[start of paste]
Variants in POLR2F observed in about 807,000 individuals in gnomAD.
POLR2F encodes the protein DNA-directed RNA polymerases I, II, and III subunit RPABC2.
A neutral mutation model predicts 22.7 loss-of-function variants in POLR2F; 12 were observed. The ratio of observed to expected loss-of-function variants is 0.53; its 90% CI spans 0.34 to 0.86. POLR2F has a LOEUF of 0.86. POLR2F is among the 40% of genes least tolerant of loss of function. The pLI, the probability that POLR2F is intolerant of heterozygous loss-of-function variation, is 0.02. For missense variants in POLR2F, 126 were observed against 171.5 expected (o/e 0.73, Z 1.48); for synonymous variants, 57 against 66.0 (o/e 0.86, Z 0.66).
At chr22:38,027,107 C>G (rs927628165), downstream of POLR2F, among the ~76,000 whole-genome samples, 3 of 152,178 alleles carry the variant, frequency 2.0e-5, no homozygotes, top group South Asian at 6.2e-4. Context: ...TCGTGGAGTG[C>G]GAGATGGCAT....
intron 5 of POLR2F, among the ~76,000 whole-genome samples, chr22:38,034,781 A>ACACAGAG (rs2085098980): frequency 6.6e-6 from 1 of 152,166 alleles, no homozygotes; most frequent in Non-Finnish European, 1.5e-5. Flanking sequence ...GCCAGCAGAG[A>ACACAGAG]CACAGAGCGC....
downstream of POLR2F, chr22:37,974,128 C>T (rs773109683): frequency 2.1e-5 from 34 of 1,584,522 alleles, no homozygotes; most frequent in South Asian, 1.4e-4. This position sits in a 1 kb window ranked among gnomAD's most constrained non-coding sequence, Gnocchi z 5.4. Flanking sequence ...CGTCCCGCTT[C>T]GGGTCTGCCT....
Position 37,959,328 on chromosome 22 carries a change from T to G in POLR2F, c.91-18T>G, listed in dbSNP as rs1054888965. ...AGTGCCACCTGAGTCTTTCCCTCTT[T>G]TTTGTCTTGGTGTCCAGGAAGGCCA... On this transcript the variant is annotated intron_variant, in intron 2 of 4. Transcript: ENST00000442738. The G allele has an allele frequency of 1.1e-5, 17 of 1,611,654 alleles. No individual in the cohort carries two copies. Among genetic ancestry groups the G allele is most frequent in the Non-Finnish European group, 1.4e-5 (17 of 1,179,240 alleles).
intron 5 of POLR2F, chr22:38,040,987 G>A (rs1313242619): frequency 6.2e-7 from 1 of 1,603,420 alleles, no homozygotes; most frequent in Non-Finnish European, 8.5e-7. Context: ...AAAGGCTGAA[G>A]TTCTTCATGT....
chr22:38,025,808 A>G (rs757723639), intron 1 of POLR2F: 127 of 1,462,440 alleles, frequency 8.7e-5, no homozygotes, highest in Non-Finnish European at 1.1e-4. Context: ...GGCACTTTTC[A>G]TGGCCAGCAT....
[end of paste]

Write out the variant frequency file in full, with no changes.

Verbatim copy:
Variants in POLR2F observed in about 807,000 individuals in gnomAD.
POLR2F encodes the protein DNA-directed RNA polymerases I, II, and III subunit RPABC2.
A neutral mutation model predicts 22.7 loss-of-function variants in POLR2F; 12 were observed. The ratio of observed to expected loss-of-function variants is 0.53; its 90% CI spans 0.34 to 0.86. POLR2F has a LOEUF of 0.86. POLR2F is among the 40% of genes least tolerant of loss of function. The pLI, the probability that POLR2F is intolerant of heterozygous loss-of-function variation, is 0.02. For missense variants in POLR2F, 126 were observed against 171.5 expected (o/e 0.73, Z 1.48); for synonymous variants, 57 against 66.0 (o/e 0.86, Z 0.66).
At chr22:38,027,107 C>G (rs927628165), downstream of POLR2F, among the ~76,000 whole-genome samples, 3 of 152,178 alleles carry the variant, frequency 2.0e-5, no homozygotes, top group South Asian at 6.2e-4. Context: ...TCGTGGAGTG[C>G]GAGATGGCAT....
intron 5 of POLR2F, among the ~76,000 whole-genome samples, chr22:38,034,781 A>ACACAGAG (rs2085098980): frequency 6.6e-6 from 1 of 152,166 alleles, no homozygotes; most frequent in Non-Finnish European, 1.5e-5. Flanking sequence ...GCCAGCAGAG[A>ACACAGAG]CACAGAGCGC....
downstream of POLR2F, chr22:37,974,128 C>T (rs773109683): frequency 2.1e-5 from 34 of 1,584,522 alleles, no homozygotes; most frequent in South Asian, 1.4e-4. This position sits in a 1 kb window ranked among gnomAD's most constrained non-coding sequence, Gnocchi z 5.4. Flanking sequence ...CGTCCCGCTT[C>T]GGGTCTGCCT....
Position 37,959,328 on chromosome 22 carries a change from T to G in POLR2F, c.91-18T>G, listed in dbSNP as rs1054888965. ...AGTGCCACCTGAGTCTTTCCCTCTT[T>G]TTTGTCTTGGTGTCCAGGAAGGCCA... On this transcript the variant is annotated intron_variant, in intron 2 of 4. Transcript: ENST00000442738. The G allele has an allele frequency of 1.1e-5, 17 of 1,611,654 alleles. No individual in the cohort carries two copies. Among genetic ancestry groups the G allele is most frequent in the Non-Finnish European group, 1.4e-5 (17 of 1,179,240 alleles).
intron 5 of POLR2F, chr22:38,040,987 G>A (rs1313242619): frequency 6.2e-7 from 1 of 1,603,420 alleles, no homozygotes; most frequent in Non-Finnish European, 8.5e-7. Context: ...AAAGGCTGAA[G>A]TTCTTCATGT....
chr22:38,025,808 A>G (rs757723639), intron 1 of POLR2F: 127 of 1,462,440 alleles, frequency 8.7e-5, no homozygotes, highest in Non-Finnish European at 1.1e-4. Context: ...GGCACTTTTC[A>G]TGGCCAGCAT....